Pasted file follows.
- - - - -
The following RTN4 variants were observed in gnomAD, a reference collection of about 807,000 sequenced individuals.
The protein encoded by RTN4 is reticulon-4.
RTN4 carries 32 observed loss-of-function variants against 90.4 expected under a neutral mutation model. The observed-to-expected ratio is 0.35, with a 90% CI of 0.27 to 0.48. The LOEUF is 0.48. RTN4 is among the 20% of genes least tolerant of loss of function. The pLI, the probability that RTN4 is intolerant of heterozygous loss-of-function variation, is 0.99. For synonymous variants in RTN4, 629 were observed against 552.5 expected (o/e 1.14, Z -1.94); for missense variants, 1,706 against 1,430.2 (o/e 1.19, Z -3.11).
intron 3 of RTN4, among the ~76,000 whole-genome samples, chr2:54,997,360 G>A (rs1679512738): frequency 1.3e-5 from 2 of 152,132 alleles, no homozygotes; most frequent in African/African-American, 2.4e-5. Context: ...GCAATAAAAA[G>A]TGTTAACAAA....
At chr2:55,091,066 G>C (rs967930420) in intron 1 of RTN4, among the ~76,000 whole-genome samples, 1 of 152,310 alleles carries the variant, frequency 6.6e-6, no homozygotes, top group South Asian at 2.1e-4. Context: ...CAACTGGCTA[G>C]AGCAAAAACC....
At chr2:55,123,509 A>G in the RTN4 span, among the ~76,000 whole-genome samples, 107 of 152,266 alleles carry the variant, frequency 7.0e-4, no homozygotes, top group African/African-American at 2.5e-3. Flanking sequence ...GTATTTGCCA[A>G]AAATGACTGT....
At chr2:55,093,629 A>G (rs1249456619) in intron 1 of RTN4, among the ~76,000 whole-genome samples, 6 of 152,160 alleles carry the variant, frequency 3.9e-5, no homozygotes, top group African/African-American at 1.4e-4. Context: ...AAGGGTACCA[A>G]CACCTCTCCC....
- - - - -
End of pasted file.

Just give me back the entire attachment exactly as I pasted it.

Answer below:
The following RTN4 variants were observed in gnomAD, a reference collection of about 807,000 sequenced individuals.
The protein encoded by RTN4 is reticulon-4.
RTN4 carries 32 observed loss-of-function variants against 90.4 expected under a neutral mutation model. The observed-to-expected ratio is 0.35, with a 90% CI of 0.27 to 0.48. The LOEUF is 0.48. RTN4 is among the 20% of genes least tolerant of loss of function. The pLI, the probability that RTN4 is intolerant of heterozygous loss-of-function variation, is 0.99. For synonymous variants in RTN4, 629 were observed against 552.5 expected (o/e 1.14, Z -1.94); for missense variants, 1,706 against 1,430.2 (o/e 1.19, Z -3.11).
intron 3 of RTN4, among the ~76,000 whole-genome samples, chr2:54,997,360 G>A (rs1679512738): frequency 1.3e-5 from 2 of 152,132 alleles, no homozygotes; most frequent in African/African-American, 2.4e-5. Context: ...GCAATAAAAA[G>A]TGTTAACAAA....
At chr2:55,091,066 G>C (rs967930420) in intron 1 of RTN4, among the ~76,000 whole-genome samples, 1 of 152,310 alleles carries the variant, frequency 6.6e-6, no homozygotes, top group South Asian at 2.1e-4. Context: ...CAACTGGCTA[G>C]AGCAAAAACC....
At chr2:55,123,509 A>G in the RTN4 span, among the ~76,000 whole-genome samples, 107 of 152,266 alleles carry the variant, frequency 7.0e-4, no homozygotes, top group African/African-American at 2.5e-3. Flanking sequence ...GTATTTGCCA[A>G]AAATGACTGT....
At chr2:55,093,629 A>G (rs1249456619) in intron 1 of RTN4, among the ~76,000 whole-genome samples, 6 of 152,160 alleles carry the variant, frequency 3.9e-5, no homozygotes, top group African/African-American at 1.4e-4. Context: ...AAGGGTACCA[A>G]CACCTCTCCC....